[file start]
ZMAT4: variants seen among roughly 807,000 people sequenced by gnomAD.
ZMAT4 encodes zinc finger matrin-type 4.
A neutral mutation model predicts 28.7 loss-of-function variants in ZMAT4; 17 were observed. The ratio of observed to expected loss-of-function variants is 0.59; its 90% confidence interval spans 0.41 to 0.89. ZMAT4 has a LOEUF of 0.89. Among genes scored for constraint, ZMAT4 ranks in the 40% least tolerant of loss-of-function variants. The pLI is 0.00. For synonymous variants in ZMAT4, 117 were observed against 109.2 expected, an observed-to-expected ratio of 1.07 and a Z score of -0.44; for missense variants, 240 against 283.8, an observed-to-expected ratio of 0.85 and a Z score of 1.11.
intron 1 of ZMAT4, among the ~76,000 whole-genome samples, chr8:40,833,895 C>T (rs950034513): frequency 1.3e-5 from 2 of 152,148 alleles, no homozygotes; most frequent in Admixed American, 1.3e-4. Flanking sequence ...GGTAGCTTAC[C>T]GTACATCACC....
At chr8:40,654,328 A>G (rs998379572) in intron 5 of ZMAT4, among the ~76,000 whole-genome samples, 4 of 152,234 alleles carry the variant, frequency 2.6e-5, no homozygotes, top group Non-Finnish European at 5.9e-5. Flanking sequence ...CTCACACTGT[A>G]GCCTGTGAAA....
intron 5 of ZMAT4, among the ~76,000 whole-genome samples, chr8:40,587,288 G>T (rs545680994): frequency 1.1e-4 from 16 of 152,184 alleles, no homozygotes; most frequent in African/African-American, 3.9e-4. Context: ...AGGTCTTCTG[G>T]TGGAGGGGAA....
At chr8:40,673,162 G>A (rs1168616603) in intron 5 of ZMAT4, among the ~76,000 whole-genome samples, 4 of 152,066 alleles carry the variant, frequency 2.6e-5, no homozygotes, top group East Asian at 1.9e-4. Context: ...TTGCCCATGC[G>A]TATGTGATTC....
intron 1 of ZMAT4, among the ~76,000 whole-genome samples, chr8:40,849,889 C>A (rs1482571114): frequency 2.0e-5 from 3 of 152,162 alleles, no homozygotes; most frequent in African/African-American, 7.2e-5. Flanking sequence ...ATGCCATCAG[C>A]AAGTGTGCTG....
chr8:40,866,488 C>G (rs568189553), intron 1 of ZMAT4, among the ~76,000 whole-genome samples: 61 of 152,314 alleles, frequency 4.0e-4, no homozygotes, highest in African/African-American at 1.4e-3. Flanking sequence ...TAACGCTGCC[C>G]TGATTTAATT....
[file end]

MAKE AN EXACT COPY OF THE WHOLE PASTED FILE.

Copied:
ZMAT4: variants seen among roughly 807,000 people sequenced by gnomAD.
ZMAT4 encodes zinc finger matrin-type 4.
A neutral mutation model predicts 28.7 loss-of-function variants in ZMAT4; 17 were observed. The ratio of observed to expected loss-of-function variants is 0.59; its 90% confidence interval spans 0.41 to 0.89. ZMAT4 has a LOEUF of 0.89. Among genes scored for constraint, ZMAT4 ranks in the 40% least tolerant of loss-of-function variants. The pLI is 0.00. For synonymous variants in ZMAT4, 117 were observed against 109.2 expected, an observed-to-expected ratio of 1.07 and a Z score of -0.44; for missense variants, 240 against 283.8, an observed-to-expected ratio of 0.85 and a Z score of 1.11.
intron 1 of ZMAT4, among the ~76,000 whole-genome samples, chr8:40,833,895 C>T (rs950034513): frequency 1.3e-5 from 2 of 152,148 alleles, no homozygotes; most frequent in Admixed American, 1.3e-4. Flanking sequence ...GGTAGCTTAC[C>T]GTACATCACC....
At chr8:40,654,328 A>G (rs998379572) in intron 5 of ZMAT4, among the ~76,000 whole-genome samples, 4 of 152,234 alleles carry the variant, frequency 2.6e-5, no homozygotes, top group Non-Finnish European at 5.9e-5. Flanking sequence ...CTCACACTGT[A>G]GCCTGTGAAA....
intron 5 of ZMAT4, among the ~76,000 whole-genome samples, chr8:40,587,288 G>T (rs545680994): frequency 1.1e-4 from 16 of 152,184 alleles, no homozygotes; most frequent in African/African-American, 3.9e-4. Context: ...AGGTCTTCTG[G>T]TGGAGGGGAA....
At chr8:40,673,162 G>A (rs1168616603) in intron 5 of ZMAT4, among the ~76,000 whole-genome samples, 4 of 152,066 alleles carry the variant, frequency 2.6e-5, no homozygotes, top group East Asian at 1.9e-4. Context: ...TTGCCCATGC[G>A]TATGTGATTC....
intron 1 of ZMAT4, among the ~76,000 whole-genome samples, chr8:40,849,889 C>A (rs1482571114): frequency 2.0e-5 from 3 of 152,162 alleles, no homozygotes; most frequent in African/African-American, 7.2e-5. Flanking sequence ...ATGCCATCAG[C>A]AAGTGTGCTG....
chr8:40,866,488 C>G (rs568189553), intron 1 of ZMAT4, among the ~76,000 whole-genome samples: 61 of 152,314 alleles, frequency 4.0e-4, no homozygotes, highest in African/African-American at 1.4e-3. Flanking sequence ...TAACGCTGCC[C>G]TGATTTAATT....